Moreover, the requirements of both those Directives are a matter for the EU only. They simply do not apply to many other legal systems in the world, or even similar systems not governed by EU Directives. For example, the common law world does not require invoices be signed. It satisfies the policy of the signature requirement by other means. The European engineers responsible for Rec 37 do not appreciate this variety of legal regimes in what is proposed as a United Nations, i.e. global, recommendation.
For that matter, the other digital signature standards mentioned have been found wanting in their application to the law of evidence. In particular, they have not been able to answer the following questions, on which Rec 37 is completely silent:
- What standards apply to the certification (or counter-signature) so that the certifier/counter-signer asserts with confidence the (a) identity, and (b) authority of the signer? What are the qualifications of a certifier/counter-signer? (It is not clear if the perennial difficult question of the liability of the certifier is relevant to what is attempted here. Probably not, except to the extent that potential liability may compel adherence to high standards.)
- What makes a court or a party to a legal dispute believe the assertions in paragraph 4.2 about the intention of the signer? Among the ‘functional features’ of ‘the proposed signed digital evidence profile’ are ‘a signature policy which describes the precise role and commitments that the signatory intends to assume with respect to the signed data’, and the ‘type of commitment associated with the signature: explicitly indicates to a verifier that by signing the data, it illustrates a specific type of commitment on behalf of the signatory.’ In addition, the ‘profile’ will specify ‘the role(s) or position(s) claimed by the signatory when signing the data.’ The presence of electronic codes making such assertions does not make them more credible in the face of a denial by the purported signer. Are we back to the notorious and notoriously failed ‘non-repudiation bit’ that made earlier PKI systems the laughing-stock of lawyers in many countries?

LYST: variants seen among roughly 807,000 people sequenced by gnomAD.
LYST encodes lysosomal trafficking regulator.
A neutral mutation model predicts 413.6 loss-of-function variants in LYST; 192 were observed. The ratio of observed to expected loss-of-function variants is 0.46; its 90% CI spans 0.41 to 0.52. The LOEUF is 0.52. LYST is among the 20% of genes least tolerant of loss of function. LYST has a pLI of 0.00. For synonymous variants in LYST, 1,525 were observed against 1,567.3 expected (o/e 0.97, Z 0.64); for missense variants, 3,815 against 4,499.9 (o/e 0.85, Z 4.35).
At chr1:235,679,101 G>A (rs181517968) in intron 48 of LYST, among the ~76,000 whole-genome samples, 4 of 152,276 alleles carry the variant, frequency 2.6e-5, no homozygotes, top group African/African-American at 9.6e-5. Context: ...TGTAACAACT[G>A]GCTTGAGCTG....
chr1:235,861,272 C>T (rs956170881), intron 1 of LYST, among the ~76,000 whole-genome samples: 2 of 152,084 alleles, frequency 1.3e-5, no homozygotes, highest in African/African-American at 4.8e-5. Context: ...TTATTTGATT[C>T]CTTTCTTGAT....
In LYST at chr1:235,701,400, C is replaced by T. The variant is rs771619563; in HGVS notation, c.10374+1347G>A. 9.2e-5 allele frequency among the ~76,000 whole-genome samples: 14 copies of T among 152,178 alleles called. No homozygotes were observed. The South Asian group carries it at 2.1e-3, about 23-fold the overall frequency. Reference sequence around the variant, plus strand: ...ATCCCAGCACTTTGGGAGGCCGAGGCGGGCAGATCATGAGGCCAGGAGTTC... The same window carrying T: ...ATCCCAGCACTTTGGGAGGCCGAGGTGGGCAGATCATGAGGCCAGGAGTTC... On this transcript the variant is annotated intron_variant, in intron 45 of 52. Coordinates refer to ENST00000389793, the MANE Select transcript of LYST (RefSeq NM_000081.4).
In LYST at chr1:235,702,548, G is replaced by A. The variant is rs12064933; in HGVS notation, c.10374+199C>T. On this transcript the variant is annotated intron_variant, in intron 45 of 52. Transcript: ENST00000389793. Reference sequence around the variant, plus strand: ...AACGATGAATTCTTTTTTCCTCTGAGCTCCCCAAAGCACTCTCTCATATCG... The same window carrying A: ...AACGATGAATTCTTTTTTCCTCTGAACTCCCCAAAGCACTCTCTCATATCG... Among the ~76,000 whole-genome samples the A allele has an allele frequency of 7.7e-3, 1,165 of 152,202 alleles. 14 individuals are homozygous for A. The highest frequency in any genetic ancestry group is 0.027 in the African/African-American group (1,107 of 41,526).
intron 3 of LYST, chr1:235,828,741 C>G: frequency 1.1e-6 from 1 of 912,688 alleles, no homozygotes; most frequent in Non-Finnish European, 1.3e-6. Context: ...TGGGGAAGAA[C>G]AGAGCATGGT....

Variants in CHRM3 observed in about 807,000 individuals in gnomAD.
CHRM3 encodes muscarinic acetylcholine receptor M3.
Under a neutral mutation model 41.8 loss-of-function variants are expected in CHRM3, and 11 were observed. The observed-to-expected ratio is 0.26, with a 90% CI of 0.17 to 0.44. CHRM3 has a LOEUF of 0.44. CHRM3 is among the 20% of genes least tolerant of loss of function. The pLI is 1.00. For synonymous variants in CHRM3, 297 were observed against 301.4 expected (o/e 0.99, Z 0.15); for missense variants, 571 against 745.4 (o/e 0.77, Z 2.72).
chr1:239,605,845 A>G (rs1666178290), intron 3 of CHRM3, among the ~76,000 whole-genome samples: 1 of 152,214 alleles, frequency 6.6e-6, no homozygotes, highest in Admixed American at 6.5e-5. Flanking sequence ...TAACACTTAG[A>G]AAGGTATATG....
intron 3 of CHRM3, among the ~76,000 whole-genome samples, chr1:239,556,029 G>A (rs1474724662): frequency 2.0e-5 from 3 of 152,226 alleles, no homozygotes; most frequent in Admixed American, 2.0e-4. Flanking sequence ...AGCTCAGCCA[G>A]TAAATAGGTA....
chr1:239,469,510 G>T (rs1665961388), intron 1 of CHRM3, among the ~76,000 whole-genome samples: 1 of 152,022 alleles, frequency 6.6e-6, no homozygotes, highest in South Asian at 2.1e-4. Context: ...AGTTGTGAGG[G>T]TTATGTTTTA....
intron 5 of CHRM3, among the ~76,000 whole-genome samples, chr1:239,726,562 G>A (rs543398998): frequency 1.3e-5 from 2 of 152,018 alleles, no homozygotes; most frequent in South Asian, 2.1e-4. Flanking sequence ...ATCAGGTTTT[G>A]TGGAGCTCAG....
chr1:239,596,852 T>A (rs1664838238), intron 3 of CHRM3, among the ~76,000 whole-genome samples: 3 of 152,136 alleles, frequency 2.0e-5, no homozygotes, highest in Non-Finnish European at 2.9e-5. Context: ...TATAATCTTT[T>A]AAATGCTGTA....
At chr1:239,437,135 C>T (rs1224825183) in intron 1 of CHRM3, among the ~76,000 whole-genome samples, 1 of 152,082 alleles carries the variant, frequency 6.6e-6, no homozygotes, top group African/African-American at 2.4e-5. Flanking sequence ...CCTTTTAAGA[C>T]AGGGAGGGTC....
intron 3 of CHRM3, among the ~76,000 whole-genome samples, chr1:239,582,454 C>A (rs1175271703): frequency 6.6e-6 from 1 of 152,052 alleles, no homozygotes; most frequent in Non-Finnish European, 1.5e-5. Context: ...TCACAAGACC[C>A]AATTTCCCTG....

- Do the authors of Rec 37 believe that a technical code can itself bind the parties to a signed document? As a matter of law, the form of a signature or even the fact of a signature does not say anything about the function of a signature. The function of a signature can be detected only by the full context of the signature, including at times outside evidence (just as one may need outside evidence to link a scrawl of ink on paper with an individual whose signature it is). The function of a signature cannot be resolved by technical analysis. Having a technical assertion of function may be helpful, or it may produce more questions to be disputed in court, but it is badly misleading to claim that it is ‘probative’.
- What rules apply to the use and operation of signing devices by signers? How are those rules enforced, and compliance with them proved?
In short, Rec 37 adds only a small piece of useful information to the e-signature universe. It may be useful to standardize the form of assertions made by the class of e-signatures known as digital signatures (notably those supported by PKI), so that different systems of verification can automatically recognize assertions made by different systems of creation of signatures. But there is no justification for moving from that function to suggesting that complying with the Recommendation makes an e-document of legal value or more probative than it was before, even if combined with existing standards on digital signatures.
The engineers needed to talk to some lawyers.